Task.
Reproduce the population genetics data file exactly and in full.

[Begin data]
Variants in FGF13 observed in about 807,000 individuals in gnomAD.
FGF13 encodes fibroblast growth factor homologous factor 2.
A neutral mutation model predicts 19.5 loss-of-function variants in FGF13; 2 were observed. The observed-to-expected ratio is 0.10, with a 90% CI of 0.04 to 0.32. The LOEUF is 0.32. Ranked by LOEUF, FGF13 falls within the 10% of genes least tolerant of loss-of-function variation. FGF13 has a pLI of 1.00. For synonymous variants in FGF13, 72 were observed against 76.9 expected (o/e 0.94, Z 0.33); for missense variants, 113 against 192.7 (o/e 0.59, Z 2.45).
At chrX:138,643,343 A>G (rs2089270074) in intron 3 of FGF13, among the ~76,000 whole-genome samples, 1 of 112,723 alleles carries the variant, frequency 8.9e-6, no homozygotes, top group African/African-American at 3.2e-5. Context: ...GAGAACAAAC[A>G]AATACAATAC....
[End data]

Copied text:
Variants in FGF13 observed in about 807,000 individuals in gnomAD.
FGF13 encodes fibroblast growth factor homologous factor 2.
A neutral mutation model predicts 19.5 loss-of-function variants in FGF13; 2 were observed. The observed-to-expected ratio is 0.10, with a 90% CI of 0.04 to 0.32. The LOEUF is 0.32. Ranked by LOEUF, FGF13 falls within the 10% of genes least tolerant of loss-of-function variation. FGF13 has a pLI of 1.00. For synonymous variants in FGF13, 72 were observed against 76.9 expected (o/e 0.94, Z 0.33); for missense variants, 113 against 192.7 (o/e 0.59, Z 2.45).
At chrX:138,643,343 A>G (rs2089270074) in intron 3 of FGF13, among the ~76,000 whole-genome samples, 1 of 112,723 alleles carries the variant, frequency 8.9e-6, no homozygotes, top group African/African-American at 3.2e-5. Context: ...GAGAACAAAC[A>G]AATACAATAC....